Saturday night, I had this strange dream. In it, I was somewhere in Ireland. I had come from the airport to meet Jeff Ford. Together, we walked around a cul-de-sac of maybe four or five houses, which were the only buildings around. At the center of the cul-de-sac was a traffic island thick with grass and short trees. There were other people walking on the sidewalk beside the road. I understood they lived in the houses. They gave Ford and me suspicious glances, but he ignored them. There was also a constable with a large black and gray dog who kept walking between us. I thought maybe the dog was trained to sniff out drugs, and the cop wanted to give him a chance to get a good whiff of us. We walked onto the island, I can’t recall exactly what we were talking about–it had something to do with being in Ireland. (Maybe Ford was teaching a workshop there?) The cop and his dog followed us onto the island and once more passed between us. We stepped out onto the street to return the way we’d come, and I saw a mountain in the distance ahead of us. The sight of it stopped me in my tracks. It was wide, its slopes steep, though not too much to hike up, and rose to a long flat top. Its summit was dusted in snow almost pink in the sunlight. Its sides were deep green and dark blue, traversed by winding streams, dotted with small lakes. It seemed to glow in the afternoon light. I was awestruck by the sight of it, overcome with this feeling of wonder that hasn’t left me yet. “This was behind us this whole time?” I said to Ford, who replied, yeah, and there were more beyond it. As he said this, I could see the edges of other mountains in the distance behind this one, dark purple masses. I think I saw water at or near their bases. Looking at all of it was like hearing the swell of an orchestra as it reaches the end of a song.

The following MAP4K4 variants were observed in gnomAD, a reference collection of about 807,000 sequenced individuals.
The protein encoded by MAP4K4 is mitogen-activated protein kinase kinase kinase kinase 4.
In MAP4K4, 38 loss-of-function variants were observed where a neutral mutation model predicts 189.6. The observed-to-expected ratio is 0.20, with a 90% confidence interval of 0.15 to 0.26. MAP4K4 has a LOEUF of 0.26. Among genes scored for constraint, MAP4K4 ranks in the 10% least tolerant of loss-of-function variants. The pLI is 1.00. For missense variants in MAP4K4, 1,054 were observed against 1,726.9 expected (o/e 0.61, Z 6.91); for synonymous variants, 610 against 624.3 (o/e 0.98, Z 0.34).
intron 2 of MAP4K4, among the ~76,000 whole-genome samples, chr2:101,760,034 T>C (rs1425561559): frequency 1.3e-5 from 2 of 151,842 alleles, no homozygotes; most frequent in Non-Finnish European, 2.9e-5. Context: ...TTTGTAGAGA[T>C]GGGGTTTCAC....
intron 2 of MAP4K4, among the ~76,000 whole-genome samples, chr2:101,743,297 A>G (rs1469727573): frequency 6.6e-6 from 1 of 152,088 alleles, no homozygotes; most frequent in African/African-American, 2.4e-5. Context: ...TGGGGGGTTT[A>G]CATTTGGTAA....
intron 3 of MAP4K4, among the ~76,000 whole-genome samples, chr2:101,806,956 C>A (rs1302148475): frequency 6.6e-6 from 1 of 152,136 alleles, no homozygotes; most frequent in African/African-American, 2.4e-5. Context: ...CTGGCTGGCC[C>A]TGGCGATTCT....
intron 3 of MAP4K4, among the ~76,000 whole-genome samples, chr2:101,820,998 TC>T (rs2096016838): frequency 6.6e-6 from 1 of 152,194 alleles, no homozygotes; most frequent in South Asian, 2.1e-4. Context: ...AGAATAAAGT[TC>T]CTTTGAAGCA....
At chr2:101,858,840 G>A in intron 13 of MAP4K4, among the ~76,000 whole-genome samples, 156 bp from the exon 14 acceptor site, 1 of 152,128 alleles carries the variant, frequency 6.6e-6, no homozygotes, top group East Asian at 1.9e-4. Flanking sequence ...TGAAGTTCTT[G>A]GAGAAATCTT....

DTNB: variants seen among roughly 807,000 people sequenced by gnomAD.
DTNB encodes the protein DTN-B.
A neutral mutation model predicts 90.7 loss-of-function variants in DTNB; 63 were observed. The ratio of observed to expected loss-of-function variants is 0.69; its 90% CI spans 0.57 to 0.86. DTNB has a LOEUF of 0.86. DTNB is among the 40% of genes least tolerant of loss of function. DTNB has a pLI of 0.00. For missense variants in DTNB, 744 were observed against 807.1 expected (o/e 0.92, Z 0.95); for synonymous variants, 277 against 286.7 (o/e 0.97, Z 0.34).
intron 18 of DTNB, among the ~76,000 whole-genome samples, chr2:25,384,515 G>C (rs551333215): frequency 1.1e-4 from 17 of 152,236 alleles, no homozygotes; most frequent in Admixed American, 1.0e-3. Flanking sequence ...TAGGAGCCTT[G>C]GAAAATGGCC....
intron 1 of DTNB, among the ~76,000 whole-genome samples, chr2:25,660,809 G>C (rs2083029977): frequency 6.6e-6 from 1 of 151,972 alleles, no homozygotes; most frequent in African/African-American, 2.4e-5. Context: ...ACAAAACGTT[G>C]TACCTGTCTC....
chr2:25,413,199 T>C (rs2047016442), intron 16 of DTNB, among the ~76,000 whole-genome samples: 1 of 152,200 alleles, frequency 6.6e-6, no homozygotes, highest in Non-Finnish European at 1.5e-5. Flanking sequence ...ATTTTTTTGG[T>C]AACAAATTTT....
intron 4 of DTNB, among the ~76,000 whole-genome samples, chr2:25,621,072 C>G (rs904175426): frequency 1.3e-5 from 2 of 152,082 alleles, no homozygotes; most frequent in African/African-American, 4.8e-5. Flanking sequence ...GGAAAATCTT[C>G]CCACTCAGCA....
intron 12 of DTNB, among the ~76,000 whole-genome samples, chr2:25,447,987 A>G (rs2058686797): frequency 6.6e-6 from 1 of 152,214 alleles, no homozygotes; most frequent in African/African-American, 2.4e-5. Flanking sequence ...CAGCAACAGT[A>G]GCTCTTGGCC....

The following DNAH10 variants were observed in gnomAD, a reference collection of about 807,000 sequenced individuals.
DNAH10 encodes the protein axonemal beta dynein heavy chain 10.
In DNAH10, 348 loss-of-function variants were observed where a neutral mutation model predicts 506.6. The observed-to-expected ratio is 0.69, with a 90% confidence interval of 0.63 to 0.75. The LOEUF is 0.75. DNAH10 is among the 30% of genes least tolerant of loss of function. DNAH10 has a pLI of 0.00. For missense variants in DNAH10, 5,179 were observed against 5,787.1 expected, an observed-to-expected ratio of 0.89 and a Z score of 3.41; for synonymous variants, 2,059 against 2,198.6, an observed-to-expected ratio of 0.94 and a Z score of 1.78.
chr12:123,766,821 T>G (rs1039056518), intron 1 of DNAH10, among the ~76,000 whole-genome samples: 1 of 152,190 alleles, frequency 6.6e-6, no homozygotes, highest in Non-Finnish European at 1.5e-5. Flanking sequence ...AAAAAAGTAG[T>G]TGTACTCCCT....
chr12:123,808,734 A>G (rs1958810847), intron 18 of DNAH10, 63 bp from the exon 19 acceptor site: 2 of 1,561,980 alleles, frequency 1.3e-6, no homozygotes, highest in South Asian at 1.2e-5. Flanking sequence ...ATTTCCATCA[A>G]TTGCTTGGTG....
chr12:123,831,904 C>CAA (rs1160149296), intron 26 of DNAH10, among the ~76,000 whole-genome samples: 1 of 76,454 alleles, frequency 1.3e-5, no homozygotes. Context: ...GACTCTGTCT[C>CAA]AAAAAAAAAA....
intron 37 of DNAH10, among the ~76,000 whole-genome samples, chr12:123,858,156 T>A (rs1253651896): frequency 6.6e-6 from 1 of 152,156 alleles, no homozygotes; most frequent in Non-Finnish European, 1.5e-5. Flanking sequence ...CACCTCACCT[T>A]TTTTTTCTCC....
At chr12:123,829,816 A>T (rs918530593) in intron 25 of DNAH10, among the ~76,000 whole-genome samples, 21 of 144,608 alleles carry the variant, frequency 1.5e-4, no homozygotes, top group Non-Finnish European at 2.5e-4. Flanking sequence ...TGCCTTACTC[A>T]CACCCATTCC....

The next day, I relayed the dream to Fiona, my wife, as we were making dinner. Although I couldn’t figure out what it meant, it had stuck with me since I had awakened that morning. “What do you make of it?” I said when I had reached the end of it. I didn’t think she’d have an answer; I assumed she’d say something to the effect of, “Beats me.”
As is usually the case when I make assumptions about my wife, I was wrong. She said, “I think it’s about your creativity. You were feeling low after losing the Stoker award. So your mind brought you to someone you look up to and admire. From what you’ve said, Jeff Ford isn’t too concerned about awards. While you were with him, you saw this fabulous mountain, which is an emblem of your creativity. You were amazed, but Ford wasn’t, because that’s what he’s focusing on, already. Think of it as your brain’s way of reminding you of what’s important.”
“Wow,” I said. “That makes sense.”
“Great,” Fiona said. “That’ll be fifty bucks.”